General-purpose machine gun
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A general-purpose machine gun (GPMG) is an air-cooled, fully automatic weapon that can be adapted to light machine gun and medium machine gun roles. A GPMG weapon will typically feature a quick-change barrel, configuration for mounting on bipods, tripods, and vehicles as infantry support weapons, and calibered to fire full-powered rifle cartridges such as the 7.62×51mm NATO, 7.62×54mmR, 7.5×54mm French, 7.5×55mm Swiss, and 7.92×57mm Mauser.
The general-purpose machine gun (GPMG) originated with the MG 34, designed in 1934 by Heinrich Vollmer of Mauser on the commission of Nazi Germany to circumvent the restrictions on machine guns imposed by the Treaty of Versailles. It was introduced into the Wehrmacht as an entirely new concept in automatic firepower, dubbed the Einheitsmaschinengewehr, meaning "universal machine gun" in German. In itself the MG 34 was an excellent weapon for its time: an air-cooled, recoil-operated machine gun that could run through belts of 7.92×57mm Mauser ammunition at a rate of 850 rounds per minute, delivering killing firepower at ranges of more than 1,000 meters. The main feature of the MG 34 is that by simply by changing its mount, sights and feed mechanism, the operator could radically transform its function: on its standard bipod it was a light machine gun ideal for infantry assaults; on a tripod it could serve as a sustained-fire medium machine gun; mounting on aircraft or vehicles turned it into an air defence weapon, and it also served as the coaxial machine gun on numerous German tanks.
During World War II, the MG 34 was superseded by a new GPMG, the MG 42, although it remained in combat use. The MG 42 was more efficient to manufacture, more robust, and had an extremely high cyclic rate of fire of 1,200 to 1,500 rounds per minute. One of the Einheitsmaschinengewehr (Universal machine gun) roles was to provide low level anti-aircraft coverage. A high cyclic rate of fire is advantageous for use against targets that are exposed to a general-purpose machine gun for a limited time span, like aircraft or targets that minimize their exposure time by quickly moving from cover to cover. For targets that can be fired on by a general-purpose machine gun for longer periods than just a few seconds the cyclic firing rate becomes less important. Arguably the finest all-round GPMG ever produced, it was nicknamed "Hitler's buzzsaw" by troops of Allies, and alongside the MG 34 it inflicted heavy casualties on Allied soldiers on all European and North African front of World War II. Following the end of the war the victorious Allied nations took interest in the MG 34 and MG 42, influencing many post-war general-purpose machine guns, many of which are still in use today. They lent design elements to the Belgian FN MAG and the American M60, while spawning the Zastava M53, Swiss M51, and Austrian MG 74. Such were its qualities of firepower and usability that it became the foundation of an entire series of postwar machine guns, including the MG 1 and MG 3 - the latter is still in production and service to this day.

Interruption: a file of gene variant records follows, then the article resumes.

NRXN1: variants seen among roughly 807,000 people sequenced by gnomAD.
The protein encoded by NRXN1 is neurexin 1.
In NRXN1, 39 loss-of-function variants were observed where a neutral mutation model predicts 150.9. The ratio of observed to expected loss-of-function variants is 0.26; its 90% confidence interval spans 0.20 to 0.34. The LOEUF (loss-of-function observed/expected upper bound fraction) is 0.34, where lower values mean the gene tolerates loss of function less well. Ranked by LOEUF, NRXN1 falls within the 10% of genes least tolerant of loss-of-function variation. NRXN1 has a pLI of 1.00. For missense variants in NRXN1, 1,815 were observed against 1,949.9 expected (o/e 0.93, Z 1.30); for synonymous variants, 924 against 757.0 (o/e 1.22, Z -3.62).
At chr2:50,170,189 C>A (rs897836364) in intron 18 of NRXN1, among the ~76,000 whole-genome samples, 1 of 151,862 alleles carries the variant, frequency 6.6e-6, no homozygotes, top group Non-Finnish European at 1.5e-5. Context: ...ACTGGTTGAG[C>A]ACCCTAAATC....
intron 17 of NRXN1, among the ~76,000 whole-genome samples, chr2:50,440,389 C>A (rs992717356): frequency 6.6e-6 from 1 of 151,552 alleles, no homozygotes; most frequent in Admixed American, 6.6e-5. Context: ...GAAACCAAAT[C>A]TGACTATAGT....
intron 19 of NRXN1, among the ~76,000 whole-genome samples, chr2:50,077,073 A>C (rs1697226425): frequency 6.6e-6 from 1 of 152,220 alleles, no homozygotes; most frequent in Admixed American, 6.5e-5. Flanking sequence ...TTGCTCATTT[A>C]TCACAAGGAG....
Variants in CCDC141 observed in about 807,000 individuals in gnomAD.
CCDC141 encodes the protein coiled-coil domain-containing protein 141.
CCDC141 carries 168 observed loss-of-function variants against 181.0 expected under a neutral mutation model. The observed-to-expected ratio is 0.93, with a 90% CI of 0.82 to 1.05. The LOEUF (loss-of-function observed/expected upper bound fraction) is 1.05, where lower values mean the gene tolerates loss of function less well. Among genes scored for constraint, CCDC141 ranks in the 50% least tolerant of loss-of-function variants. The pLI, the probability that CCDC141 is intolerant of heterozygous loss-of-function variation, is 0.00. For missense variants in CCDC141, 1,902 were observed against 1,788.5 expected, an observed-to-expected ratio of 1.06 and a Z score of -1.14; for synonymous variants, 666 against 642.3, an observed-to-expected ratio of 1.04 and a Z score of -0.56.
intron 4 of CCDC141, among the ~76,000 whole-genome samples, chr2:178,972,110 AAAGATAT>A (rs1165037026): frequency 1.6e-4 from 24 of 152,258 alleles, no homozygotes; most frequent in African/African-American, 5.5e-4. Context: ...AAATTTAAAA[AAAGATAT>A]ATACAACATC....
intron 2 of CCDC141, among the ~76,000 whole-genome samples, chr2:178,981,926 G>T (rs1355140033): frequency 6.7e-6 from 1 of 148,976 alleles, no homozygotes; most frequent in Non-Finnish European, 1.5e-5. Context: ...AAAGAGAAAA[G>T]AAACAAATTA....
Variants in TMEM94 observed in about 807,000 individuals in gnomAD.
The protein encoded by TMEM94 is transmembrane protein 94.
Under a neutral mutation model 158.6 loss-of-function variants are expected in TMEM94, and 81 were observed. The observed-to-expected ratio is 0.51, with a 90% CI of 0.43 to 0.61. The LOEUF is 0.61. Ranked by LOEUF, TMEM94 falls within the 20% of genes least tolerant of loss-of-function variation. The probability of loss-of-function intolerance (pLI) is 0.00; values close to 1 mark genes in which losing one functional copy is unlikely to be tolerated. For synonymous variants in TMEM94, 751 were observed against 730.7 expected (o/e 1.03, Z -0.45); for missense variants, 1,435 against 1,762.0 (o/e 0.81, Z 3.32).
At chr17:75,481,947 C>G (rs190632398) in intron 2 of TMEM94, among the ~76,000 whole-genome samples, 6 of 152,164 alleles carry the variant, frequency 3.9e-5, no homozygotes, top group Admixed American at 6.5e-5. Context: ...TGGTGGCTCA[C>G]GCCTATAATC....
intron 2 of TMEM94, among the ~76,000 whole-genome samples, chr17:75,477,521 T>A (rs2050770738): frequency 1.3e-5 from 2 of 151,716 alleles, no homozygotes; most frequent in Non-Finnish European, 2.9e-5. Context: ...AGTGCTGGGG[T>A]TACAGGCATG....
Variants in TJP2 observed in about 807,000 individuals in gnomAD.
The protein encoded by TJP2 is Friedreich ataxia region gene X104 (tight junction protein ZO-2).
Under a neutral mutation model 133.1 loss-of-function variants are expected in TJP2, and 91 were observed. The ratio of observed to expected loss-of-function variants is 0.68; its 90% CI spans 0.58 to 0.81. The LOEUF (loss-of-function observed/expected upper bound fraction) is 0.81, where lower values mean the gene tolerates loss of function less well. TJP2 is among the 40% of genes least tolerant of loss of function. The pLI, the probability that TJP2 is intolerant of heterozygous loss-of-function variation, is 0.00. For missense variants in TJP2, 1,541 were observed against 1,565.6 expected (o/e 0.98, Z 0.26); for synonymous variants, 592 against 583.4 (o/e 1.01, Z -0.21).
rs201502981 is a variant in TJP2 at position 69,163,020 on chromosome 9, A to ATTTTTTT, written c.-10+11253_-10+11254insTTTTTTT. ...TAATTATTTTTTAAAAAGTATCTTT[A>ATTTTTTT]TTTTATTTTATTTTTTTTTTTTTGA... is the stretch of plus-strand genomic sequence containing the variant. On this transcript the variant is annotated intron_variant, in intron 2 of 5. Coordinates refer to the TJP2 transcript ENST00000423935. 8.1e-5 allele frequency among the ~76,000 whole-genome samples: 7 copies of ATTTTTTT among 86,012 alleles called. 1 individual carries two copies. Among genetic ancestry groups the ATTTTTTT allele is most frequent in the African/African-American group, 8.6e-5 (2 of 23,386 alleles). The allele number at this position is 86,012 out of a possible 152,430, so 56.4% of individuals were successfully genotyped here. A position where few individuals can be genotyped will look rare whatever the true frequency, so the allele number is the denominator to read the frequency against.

- German Rheinmetall MG 3, a direct descendant of the MG 42, is still in service with the German Army and others and widely exported.
- German Heckler & Koch HK21, is based on the Heckler & Koch G3 rifle and widely exported.
- German Heckler & Koch MG5, the new standard machine gun of the German Army.
- Italian MG 42/59, a direct descendant of the MG 42 and a licensed MG 3 variant, is still in service with the Italian military
- Belgian FN MAG, which copied the MG 42's feed-system and trigger-mechanism. It is the most widely used GPMG among western armies.
- Belgian Mk 48, is a GPMG based on the FN Minimi light machine gun and M249 SAW.
- American M60, which is based on the German FG 42 and uses the MG 42's feed-system and stamp-steel construction.
- American M240, itself an FN MAG variant. It replaced the M60 in U.S. service.
- French MAS AA-52, which more or less copies the MG 42 feed-system. It has been largely phased out in favour of the FN MAG and FN Minimi.
- Czechoslovakian Uk vz. 59, is based on the Vz. 52 and Vz.52/57, and originating with ZB vz. 26 and Bren gun designs.
- Russian PK/PKM, family of multi-purpose machine-guns, is based on the AKM assault rifle featuring stamped receivers, widely exported.
- Russian AEK-999, is an improved version of the PK/PKM.
- Russian Pecheneg, is a variant of the PK/PKM with a fixed barrel and cooling jacket.
- Yugoslav Zastava M84, is a direct copy of the Russian PK machine-gun.
- Polish UKM-2000, is based on the Russian PK machine-gun.
- People's Republic of China Type 80, is based on the Russian PK machine-gun.
- People's Republic of China Type 67, and later improved models.
- People's Republic of China Type 88 Machine Gun
- Japanese Sumitomo NTK-62, is a GPMG based on the FN MAG.
- South African Vektor SS-77, is based on the Russian PK/PKM.
- Swiss MG 51, a direct descendant of the MG42.
- Swiss SIG MG 710-3
- Swiss SIG MG 50
- Austrian MG 74, a direct descendant of the MG 42/59 and since 1974 the standard machine gun of the Austrian Armed Forces.
- Canadian C6A1 FLEX
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